Umpiring Australian Rules Football: A guide for passionate parents and spectators (from a former umpire)

Ben Schultz
5 min readAug 13, 2018
The SANFL Juniors faced an umpire shortage this year

Like many people, I love watching the AFL. I’ve had a cousin who played AFL for St Kilda, and I’ve had an uncle who played for Essendon in the ’70s and ‘80s — the team I support to this day. I want to make one thing perfectly clear: All umpires are doing the best they can to uphold the rules as they interpret them. Australian Rules Football can sometimes be a messy sport, and the game is constantly evolving. Perhaps somewhat frustratingly, the rules get fractured somewhat at different levels of the game; however, so long as everyone is on the same page, the game can be played more or less as it was intended to be played generations ago. While the element of professionalism has undoubtedly made the game better in many respects (such as faster and more skilful play, in addition to complete coverage on TV), the gameplay has also become marginally corrupted in recent years. To give you just one high-profile example, allow me to direct your attention below to Exhibit A.

Exhibit A: Gary Ablett Jr loses his balance in what appears to be a staged flop.

In case you didn’t know, the free kick was awarded to Ablett despite the fact he was the one who instigated the contact; moreover, Ablett hits Isaac Smith high yet isn’t himself penalised. Many people on Reddit and elsewhere were quick to blame the umpire in control of the play. However, umpires don’t have X-ray vision; they sometimes have to make calculated projections when a momentary interference of vision occurs — all in a real-time situation, mind you — otherwise, they are likely to “put away the whistle” far too often.

As someone with six full years of junior umpiring experience under my belt, trust me when I say that you simply cannot see everything. Sometimes you just have to make inferences. To people who say, “only call it as you see it,” let me assure you that this isn’t so simple in practice. Part of the reason why this practice of good faith has worked in the past (at least at AFL level) is because players have historically not wanted to be unsporting or look bad on TV (except for perhaps Joel Selwood).

However, it is with much lamentation that I must say that Exhibit A makes the AFL look like it is quickly turning into soccer when it comes to exaggerated reactions that seek unjust penalties. “Milking frees” has been a dubious staple of the AFL since the time I was a young kid in the ‘90s, but downright provocation and staging from a veteran player as esteemed as Ablett is just a bad look for the game, and it is hypocritical to mock diving soccer stars like Neymar when we can’t even stamp it out in our own game. To elicit a free kick by exploiting blind spots may soon erode the umpires’ good graces if this practice continues. That’s why, as other pundits have correctly pointed out, the Match Review Panel needs to set a fierce example — a precedent, if you will — for this kind of egregious behaviour. Players should be as scared of staging a free kick as they were a few years ago for rushing a behind when the rule change for “no-pressure rushed behinds” was enforced at a professional level.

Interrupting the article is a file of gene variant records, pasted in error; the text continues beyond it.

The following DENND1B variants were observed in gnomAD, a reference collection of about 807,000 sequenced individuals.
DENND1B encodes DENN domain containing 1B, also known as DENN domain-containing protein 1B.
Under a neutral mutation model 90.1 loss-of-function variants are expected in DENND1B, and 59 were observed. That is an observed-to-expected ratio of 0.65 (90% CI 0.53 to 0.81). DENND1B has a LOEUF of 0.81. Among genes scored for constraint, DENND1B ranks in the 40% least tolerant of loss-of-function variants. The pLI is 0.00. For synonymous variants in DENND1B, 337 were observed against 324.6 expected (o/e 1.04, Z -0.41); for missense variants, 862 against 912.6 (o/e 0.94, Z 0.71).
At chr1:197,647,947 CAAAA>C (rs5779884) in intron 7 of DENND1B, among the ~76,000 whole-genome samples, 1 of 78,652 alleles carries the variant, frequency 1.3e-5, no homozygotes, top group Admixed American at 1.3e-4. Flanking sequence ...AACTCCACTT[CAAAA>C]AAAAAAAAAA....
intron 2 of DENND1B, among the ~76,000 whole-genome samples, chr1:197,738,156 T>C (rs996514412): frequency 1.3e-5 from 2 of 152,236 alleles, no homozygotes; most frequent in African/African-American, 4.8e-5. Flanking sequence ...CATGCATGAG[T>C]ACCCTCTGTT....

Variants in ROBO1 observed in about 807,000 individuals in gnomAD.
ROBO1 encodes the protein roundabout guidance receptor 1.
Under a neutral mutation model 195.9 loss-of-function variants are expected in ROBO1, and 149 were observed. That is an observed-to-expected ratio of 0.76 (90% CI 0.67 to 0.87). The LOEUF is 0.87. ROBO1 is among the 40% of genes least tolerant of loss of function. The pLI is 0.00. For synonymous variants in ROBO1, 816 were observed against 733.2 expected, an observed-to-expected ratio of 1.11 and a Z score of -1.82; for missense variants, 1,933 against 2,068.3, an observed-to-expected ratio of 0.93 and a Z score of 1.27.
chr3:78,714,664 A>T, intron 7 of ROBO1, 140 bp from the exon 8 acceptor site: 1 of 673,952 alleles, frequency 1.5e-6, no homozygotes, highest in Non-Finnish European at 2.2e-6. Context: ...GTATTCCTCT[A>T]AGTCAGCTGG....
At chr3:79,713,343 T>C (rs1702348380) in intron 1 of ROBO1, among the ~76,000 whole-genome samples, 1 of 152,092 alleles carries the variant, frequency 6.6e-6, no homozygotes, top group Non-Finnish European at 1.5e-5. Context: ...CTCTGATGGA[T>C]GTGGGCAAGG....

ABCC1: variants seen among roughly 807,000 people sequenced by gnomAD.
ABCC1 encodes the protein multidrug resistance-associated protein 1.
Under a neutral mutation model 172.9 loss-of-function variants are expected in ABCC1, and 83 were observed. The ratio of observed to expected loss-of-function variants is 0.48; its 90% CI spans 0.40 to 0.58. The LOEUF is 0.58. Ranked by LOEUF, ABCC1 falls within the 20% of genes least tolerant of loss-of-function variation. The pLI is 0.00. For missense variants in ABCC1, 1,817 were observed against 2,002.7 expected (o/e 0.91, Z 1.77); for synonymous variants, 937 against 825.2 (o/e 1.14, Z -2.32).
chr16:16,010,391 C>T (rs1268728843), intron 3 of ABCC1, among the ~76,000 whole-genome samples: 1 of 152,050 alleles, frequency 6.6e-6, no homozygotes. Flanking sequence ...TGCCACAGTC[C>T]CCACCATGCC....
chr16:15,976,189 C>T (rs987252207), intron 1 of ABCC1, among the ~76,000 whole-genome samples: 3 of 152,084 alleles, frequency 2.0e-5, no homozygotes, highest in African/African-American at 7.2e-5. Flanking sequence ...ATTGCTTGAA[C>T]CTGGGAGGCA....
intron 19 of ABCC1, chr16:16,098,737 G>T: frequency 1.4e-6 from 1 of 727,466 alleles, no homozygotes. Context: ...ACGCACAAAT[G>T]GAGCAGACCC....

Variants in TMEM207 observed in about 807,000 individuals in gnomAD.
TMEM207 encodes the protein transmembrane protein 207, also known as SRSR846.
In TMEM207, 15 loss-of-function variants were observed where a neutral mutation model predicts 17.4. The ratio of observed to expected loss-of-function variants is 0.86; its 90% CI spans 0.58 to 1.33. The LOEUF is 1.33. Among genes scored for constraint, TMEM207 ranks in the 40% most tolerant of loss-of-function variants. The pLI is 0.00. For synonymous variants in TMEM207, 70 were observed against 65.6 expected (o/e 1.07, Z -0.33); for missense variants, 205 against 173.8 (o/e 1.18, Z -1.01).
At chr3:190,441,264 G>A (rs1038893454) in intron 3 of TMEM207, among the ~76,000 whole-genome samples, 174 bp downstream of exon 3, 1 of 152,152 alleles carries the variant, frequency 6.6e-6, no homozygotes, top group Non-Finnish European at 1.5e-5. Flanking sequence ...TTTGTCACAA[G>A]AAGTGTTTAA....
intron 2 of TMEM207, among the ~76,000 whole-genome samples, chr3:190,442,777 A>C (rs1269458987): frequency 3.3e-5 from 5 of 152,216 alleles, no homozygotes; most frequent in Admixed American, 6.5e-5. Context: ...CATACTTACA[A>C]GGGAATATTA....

I also noticed at a junior level that most kids were very honest when it came to an on-field incident that was too close to tell, and I fear that impressionable kids might think this kind of unsporting behaviour will be deemed as okay — or even encouraged — if they see their football heroes hamming up free kicks.

To expound upon what I mean by kids being honest during my time as an umpire, let me tell you about a specific situation that came up with a fairly high degree of regularity. If I asked a kid if they got a finger on the ball to make an otherwise goal a behind (and I think they didn’t quite but the ball was too close to their fingers to know for sure), every kid I asked over my six-year career was honest about them not touching it. It was a similar story for out-of-bounds decisions. This integrity is unfortunately lost quite frequently when the stakes are raised to millions of dollars. The only thing that will effect change is for a post-match committee to come down brutally hard on players who exploit what is already a very demanding job for the umpires.

Finally, to cap off this article, I’d like to impart some wisdom to all football supporters. (This is aimed at all football fans, but I’m especially talking to spectators of football at a local level — both senior and junior football, especially as finals footy is rolling around.) The umpires at these games are mostly officiating these games for a bit of exercise and community spirit; they aren’t “in it for the big bucks”, nor are they there to try to “rig the game”.

Umpires, like spectators, just want to see a game played well and fairly. The next time you see a contentious call, or a 50/50 call doesn’t go your own way, don’t abuse the umpire; they are doing their best. Without them, you have no game. To the players: play your best and fairest, don’t argue with the umpire, and don’t be afraid to acknowledge an eagle-eyed call, especially if it was against you. A “good spot, ump” encourages good umpires to stay in the code instead of driving them away.

Author’s disclaimer: This is a free article that I wrote out of sheer passion. I strongly oppose paywalls, and I encourage a free and open online press. I am not affiliated with the AFL or any club; I am an independent freelance writer. If you would like me to write for your company, magazine, website, or anything else, please visit my website: